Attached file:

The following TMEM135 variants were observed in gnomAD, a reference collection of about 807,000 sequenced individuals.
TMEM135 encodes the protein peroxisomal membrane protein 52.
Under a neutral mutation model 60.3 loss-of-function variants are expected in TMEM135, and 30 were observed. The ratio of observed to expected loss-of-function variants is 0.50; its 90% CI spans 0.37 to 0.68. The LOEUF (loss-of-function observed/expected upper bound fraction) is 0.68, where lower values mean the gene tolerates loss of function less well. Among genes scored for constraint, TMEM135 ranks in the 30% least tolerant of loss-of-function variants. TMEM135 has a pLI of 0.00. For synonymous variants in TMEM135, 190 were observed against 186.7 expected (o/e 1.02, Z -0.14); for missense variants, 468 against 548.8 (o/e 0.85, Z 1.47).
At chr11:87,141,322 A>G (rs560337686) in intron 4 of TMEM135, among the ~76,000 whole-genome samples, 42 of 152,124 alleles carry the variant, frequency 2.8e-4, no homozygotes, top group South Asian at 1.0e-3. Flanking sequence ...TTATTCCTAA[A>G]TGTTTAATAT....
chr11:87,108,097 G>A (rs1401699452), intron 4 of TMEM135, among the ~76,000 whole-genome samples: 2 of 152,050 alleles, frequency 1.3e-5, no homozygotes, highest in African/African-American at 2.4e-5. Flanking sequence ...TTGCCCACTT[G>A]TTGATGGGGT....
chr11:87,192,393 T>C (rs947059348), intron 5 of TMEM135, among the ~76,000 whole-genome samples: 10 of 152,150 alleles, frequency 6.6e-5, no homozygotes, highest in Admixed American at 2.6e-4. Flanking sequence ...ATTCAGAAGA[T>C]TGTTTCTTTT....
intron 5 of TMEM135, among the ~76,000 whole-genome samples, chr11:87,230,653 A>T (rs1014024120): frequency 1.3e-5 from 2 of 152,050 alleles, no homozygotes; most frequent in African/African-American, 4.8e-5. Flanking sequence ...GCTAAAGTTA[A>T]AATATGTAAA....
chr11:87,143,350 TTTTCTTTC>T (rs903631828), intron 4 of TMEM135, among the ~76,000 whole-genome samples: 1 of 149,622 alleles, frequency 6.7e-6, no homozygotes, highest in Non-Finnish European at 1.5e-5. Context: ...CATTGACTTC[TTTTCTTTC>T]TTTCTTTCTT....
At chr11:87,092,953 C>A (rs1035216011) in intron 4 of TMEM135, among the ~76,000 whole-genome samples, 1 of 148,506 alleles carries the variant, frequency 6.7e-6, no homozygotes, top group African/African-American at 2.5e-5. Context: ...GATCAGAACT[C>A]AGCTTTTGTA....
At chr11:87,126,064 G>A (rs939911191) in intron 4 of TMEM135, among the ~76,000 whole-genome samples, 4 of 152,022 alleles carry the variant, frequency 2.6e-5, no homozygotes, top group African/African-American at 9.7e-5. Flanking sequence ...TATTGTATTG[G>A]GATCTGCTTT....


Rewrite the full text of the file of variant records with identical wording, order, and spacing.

The following TMEM135 variants were observed in gnomAD, a reference collection of about 807,000 sequenced individuals.
TMEM135 encodes the protein peroxisomal membrane protein 52.
Under a neutral mutation model 60.3 loss-of-function variants are expected in TMEM135, and 30 were observed. The ratio of observed to expected loss-of-function variants is 0.50; its 90% CI spans 0.37 to 0.68. The LOEUF (loss-of-function observed/expected upper bound fraction) is 0.68, where lower values mean the gene tolerates loss of function less well. Among genes scored for constraint, TMEM135 ranks in the 30% least tolerant of loss-of-function variants. TMEM135 has a pLI of 0.00. For synonymous variants in TMEM135, 190 were observed against 186.7 expected (o/e 1.02, Z -0.14); for missense variants, 468 against 548.8 (o/e 0.85, Z 1.47).
At chr11:87,141,322 A>G (rs560337686) in intron 4 of TMEM135, among the ~76,000 whole-genome samples, 42 of 152,124 alleles carry the variant, frequency 2.8e-4, no homozygotes, top group South Asian at 1.0e-3. Flanking sequence ...TTATTCCTAA[A>G]TGTTTAATAT....
chr11:87,108,097 G>A (rs1401699452), intron 4 of TMEM135, among the ~76,000 whole-genome samples: 2 of 152,050 alleles, frequency 1.3e-5, no homozygotes, highest in African/African-American at 2.4e-5. Flanking sequence ...TTGCCCACTT[G>A]TTGATGGGGT....
chr11:87,192,393 T>C (rs947059348), intron 5 of TMEM135, among the ~76,000 whole-genome samples: 10 of 152,150 alleles, frequency 6.6e-5, no homozygotes, highest in Admixed American at 2.6e-4. Flanking sequence ...ATTCAGAAGA[T>C]TGTTTCTTTT....
intron 5 of TMEM135, among the ~76,000 whole-genome samples, chr11:87,230,653 A>T (rs1014024120): frequency 1.3e-5 from 2 of 152,050 alleles, no homozygotes; most frequent in African/African-American, 4.8e-5. Flanking sequence ...GCTAAAGTTA[A>T]AATATGTAAA....
chr11:87,143,350 TTTTCTTTC>T (rs903631828), intron 4 of TMEM135, among the ~76,000 whole-genome samples: 1 of 149,622 alleles, frequency 6.7e-6, no homozygotes, highest in Non-Finnish European at 1.5e-5. Context: ...CATTGACTTC[TTTTCTTTC>T]TTTCTTTCTT....
At chr11:87,092,953 C>A (rs1035216011) in intron 4 of TMEM135, among the ~76,000 whole-genome samples, 1 of 148,506 alleles carries the variant, frequency 6.7e-6, no homozygotes, top group African/African-American at 2.5e-5. Context: ...GATCAGAACT[C>A]AGCTTTTGTA....
At chr11:87,126,064 G>A (rs939911191) in intron 4 of TMEM135, among the ~76,000 whole-genome samples, 4 of 152,022 alleles carry the variant, frequency 2.6e-5, no homozygotes, top group African/African-American at 9.7e-5. Flanking sequence ...TATTGTATTG[G>A]GATCTGCTTT....